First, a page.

A tiny cut on Melbourne RSL worker’s arm caused a flesh-eating disease that put her in a coma
A mother of two nearly died after developing a fatal flesh-eating disease after a fall at work.
Catering worker Amanda Stacey slipped in the kitchen of an RSL club in Melbourne last September, sustaining a small cut on her right forearm.
The mother, from Burnside, covered the cut with a Band-Aid and continued to work, more concerned about her bruised right arm.
But she was eventually rushed to hospital after developing necrotizing fasciitis – a rare bacterial infection – where she was in a coma for 10 days before waking up with a tube down her throat.
Former hospitality worker Amanda Stacey (pictured, with her 11-year-old daughter) slipped and fell while on duty at an RSL kitchen in Melbourne when she cut her forearm
The mother of two (pictured, with family wearing a stocking on her arm covering the wound) was rushed to hospital after developing necrotizing fasciitis
‘I couldn’t talk, see or walk properly. I had to have surgery to have the flesh removed. I was in hospital for weeks,” said Mrs Stacey
“I was cleaning at the time and I just slipped,” Ms Stacey shared Nine news.
“I bumped my arms on the couch on the way down and my bottom on the floor.”
It wasn’t until less than two days later that the mother-of-two began to feel “a little bit sick” while working another shift.
She was sent home sick and said she texted her friends telling them she was “put on and sore all over.”
‘When I started to feel unwell, the infection had already taken hold of me and I couldn’t sleep,’ said Ms Stacey.
Her 14-year-old daughter, who was staying with her sister for the weekend at her father’s house, became concerned after she called her mother several times but was not answered.
She then summoned a friend of her mother’s to check on her and when the woman arrived she found Mrs Stacey unconscious with a very swollen arm.
The friend then called an ambulance before Mrs Stacey was rushed to Footscray Hospital where she was in a coma for 10 days and became close to septic.
“If she hadn’t, I might not be here today. The hospital staff told my parents I might not make it,’ Mrs Stacey said.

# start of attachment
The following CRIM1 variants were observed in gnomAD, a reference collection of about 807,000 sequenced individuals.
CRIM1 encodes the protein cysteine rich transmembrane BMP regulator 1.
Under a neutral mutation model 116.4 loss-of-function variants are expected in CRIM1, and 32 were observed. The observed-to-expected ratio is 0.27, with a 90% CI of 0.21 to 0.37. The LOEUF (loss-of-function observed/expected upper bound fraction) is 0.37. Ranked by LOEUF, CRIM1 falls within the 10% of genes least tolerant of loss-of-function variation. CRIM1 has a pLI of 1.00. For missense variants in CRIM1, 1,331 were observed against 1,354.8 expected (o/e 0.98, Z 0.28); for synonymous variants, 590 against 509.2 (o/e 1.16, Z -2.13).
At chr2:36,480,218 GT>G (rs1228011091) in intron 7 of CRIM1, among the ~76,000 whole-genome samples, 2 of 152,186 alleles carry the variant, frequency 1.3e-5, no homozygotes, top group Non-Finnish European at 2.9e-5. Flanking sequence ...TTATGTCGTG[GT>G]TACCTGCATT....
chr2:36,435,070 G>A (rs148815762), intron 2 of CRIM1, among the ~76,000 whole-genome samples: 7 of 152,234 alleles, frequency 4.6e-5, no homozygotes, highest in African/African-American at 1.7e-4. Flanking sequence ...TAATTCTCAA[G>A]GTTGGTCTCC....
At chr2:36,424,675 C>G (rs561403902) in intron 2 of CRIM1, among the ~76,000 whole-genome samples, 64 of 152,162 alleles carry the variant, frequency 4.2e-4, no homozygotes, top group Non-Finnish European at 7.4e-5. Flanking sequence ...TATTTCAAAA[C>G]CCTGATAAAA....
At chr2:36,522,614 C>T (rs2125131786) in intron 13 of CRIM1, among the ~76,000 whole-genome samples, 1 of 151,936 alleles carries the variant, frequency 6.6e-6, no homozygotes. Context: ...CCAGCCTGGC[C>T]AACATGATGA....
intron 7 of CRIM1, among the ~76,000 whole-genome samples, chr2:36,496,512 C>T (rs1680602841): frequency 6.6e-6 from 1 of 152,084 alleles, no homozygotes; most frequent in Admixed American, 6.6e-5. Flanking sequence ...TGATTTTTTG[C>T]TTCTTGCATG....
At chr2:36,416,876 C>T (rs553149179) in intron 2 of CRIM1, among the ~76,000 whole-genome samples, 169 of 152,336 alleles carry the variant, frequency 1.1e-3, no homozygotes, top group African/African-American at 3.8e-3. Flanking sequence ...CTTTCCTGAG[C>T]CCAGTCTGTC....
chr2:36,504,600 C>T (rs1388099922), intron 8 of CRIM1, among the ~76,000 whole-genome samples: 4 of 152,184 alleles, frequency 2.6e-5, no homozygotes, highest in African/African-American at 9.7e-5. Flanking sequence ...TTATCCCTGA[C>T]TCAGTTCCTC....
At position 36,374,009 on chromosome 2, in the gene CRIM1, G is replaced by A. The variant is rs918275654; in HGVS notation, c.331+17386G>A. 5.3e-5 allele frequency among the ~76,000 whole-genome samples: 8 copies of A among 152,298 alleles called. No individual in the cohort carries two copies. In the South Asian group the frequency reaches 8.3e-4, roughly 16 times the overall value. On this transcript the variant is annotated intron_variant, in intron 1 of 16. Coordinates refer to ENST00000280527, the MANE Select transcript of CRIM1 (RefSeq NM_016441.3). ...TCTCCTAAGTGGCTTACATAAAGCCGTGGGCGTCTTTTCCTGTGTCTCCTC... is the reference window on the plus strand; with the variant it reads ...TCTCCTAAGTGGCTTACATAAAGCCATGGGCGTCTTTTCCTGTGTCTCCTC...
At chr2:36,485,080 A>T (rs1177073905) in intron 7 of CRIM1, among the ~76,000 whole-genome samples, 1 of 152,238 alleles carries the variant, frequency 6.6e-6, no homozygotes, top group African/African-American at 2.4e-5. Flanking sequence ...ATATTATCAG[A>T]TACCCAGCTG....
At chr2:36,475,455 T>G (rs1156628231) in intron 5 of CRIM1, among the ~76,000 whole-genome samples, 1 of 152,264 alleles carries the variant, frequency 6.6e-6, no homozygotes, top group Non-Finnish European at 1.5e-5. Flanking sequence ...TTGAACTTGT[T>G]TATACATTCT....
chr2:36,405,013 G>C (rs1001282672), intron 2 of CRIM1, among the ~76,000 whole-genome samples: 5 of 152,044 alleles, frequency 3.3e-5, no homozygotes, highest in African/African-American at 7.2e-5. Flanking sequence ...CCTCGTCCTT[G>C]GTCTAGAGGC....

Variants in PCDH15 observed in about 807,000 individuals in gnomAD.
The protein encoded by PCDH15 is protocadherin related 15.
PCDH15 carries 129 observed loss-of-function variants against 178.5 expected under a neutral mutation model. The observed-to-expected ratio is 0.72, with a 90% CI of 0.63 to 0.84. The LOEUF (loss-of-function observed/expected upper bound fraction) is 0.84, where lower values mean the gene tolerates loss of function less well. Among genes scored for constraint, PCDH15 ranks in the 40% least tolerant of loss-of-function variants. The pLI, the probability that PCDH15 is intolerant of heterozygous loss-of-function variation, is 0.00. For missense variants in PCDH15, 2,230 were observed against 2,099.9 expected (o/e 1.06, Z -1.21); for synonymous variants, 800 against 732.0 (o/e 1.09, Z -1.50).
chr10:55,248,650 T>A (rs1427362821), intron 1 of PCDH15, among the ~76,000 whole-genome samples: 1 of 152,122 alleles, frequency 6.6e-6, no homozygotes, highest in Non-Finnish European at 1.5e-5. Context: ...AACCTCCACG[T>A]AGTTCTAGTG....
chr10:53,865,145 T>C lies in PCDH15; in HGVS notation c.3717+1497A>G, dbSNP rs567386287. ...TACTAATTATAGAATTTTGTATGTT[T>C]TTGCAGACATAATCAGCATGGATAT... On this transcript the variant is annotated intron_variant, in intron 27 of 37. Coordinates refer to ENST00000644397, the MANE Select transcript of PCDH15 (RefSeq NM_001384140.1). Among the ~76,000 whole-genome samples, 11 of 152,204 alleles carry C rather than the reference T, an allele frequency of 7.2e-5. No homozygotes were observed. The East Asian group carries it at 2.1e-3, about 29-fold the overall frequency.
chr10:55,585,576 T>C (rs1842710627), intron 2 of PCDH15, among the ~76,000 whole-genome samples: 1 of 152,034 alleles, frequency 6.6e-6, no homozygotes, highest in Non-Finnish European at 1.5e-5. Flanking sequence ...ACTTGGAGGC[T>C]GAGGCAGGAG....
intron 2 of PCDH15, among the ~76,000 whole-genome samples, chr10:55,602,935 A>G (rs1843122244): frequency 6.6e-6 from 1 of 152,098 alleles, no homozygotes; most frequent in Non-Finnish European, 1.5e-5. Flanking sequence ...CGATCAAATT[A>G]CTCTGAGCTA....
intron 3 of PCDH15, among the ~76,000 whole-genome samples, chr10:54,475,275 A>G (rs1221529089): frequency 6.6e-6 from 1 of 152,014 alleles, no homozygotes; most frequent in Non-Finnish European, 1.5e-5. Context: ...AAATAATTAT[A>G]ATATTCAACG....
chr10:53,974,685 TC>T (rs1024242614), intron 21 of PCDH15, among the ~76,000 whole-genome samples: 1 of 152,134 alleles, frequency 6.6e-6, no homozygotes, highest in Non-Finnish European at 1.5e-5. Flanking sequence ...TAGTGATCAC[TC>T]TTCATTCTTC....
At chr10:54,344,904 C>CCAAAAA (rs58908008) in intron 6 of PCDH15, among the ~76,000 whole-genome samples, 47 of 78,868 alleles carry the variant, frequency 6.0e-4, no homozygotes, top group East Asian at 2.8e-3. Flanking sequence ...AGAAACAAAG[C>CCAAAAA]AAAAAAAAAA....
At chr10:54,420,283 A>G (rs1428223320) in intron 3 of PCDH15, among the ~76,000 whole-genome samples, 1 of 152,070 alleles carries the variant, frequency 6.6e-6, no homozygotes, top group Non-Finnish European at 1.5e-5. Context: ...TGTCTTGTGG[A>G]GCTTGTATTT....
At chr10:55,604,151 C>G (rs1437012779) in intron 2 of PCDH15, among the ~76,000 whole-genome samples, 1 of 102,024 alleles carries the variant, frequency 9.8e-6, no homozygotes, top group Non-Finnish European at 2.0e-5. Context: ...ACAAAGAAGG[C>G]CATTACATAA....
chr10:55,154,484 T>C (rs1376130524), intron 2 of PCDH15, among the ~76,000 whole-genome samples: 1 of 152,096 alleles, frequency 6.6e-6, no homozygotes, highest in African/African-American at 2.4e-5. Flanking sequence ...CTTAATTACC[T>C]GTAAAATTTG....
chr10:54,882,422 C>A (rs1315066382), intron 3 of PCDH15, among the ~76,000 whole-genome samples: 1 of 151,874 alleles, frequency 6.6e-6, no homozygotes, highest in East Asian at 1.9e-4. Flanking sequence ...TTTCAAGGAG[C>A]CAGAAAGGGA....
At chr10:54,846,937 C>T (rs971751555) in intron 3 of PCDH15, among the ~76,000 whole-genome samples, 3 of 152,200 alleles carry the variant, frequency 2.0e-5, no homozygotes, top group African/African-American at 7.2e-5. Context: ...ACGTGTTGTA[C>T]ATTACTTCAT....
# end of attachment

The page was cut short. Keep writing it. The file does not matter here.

NECROTIZED FASCIITIS: THE FREE CARN-EATING BACTERIA
Necrotizing fasciitis, more commonly known as “flesh-eating disease,” is a rare but extremely malignant bacterial infection. “Necrotization” refers to something that causes body tissue to die, and the infection can destroy skin, muscle, and fat.
The disease develops when the bacteria enters the body, often through a minor cut or abrasion. As the bacteria multiply, they release toxins that kill tissue and cut off blood supply to the area.
Because it is so virulent, the bacteria spreads quickly throughout the body.
Symptoms include small, red nodules or bumps on the skin, rapidly spreading bruising, sweating, chills, fever, and nausea. Organ failure and shock are also common complications.
Sufferers must be treated immediately to prevent death, and are usually given strong antibiotics and surgery to remove dead tissue. Amputation may become necessary if the disease spreads down an arm or leg.
Patients may undergo skin grafts after the infection has cleared, to aid the healing process or for aesthetic reasons.
500 to 1,500 cases are reported each year, but 20 to 25 percent of victims die.
She had developed necrotizing fasciitis with doctors stating her whole body was in danger of being poisoned.
“The blood infection moved quickly and affected the entire right side of my body. I woke up with a big snake in my throat. It was such a shock,” she said.
‘I couldn’t talk, see or walk properly. I had to have surgery to have the flesh removed. Then I spent weeks in hospital.’
When Ms. Stacey was fired, she had to take time off from her job to recover from the horrific injury that is still open at the elbow.
“When I was allowed to go home, I was struggling financially because I couldn’t work, so I had to get legal help. I was hesitant at first,” the mother said.
She did not file for workers’ compensation at the time, as she preferred not to put a financial burden on her boss.
But she realized she had to do something because she had no savings left “otherwise my children would be victims.”
Law firm Slater and Gordon took up its case and filed a claim on behalf of the injured mother through the government’s WorkCover compensation scheme.
‘If you can’t work and you can’t earn an income, it causes a lot of stress. The stress and pressure can sometimes be worse than dealing with the injury itself,’ said Ms Stacey.
But her claim was successful and she now receives a large portion of her wages through Workcover as she continues her recovery.
Mrs. Stacey still has significant scars left from the injury, so she wears a stocking over it.
Slater and Gordon attorney Michelle Cavalieri said workers can get compensation if they injured themselves on the job, even if it wasn’t the employer’s fault.
Ms Cavalieri said it doesn’t matter how someone is injured as people can make a claim even if they trip over their own shoelaces at work.
The workers’ compensation attorney said if it happened at work or during those hours, you’re entitled to support.
“Workplaces are insured for this reason and pay premiums to a WorkCover insurer, to ensure that an employee is financially covered in the event of an injury,” she said.
She said some workplaces will tell employees not to file a WorkCover claim and pay their medical expenses.
“But this does the worker a great disservice, because they miss out on lost wages and any future economic losses,” Ms Cavalieri said.
Meanwhile, Ms. Stacey encouraged others in her situation to seek help if they were injured at work.
“I never thought this could have happened to me, but it did,” she said.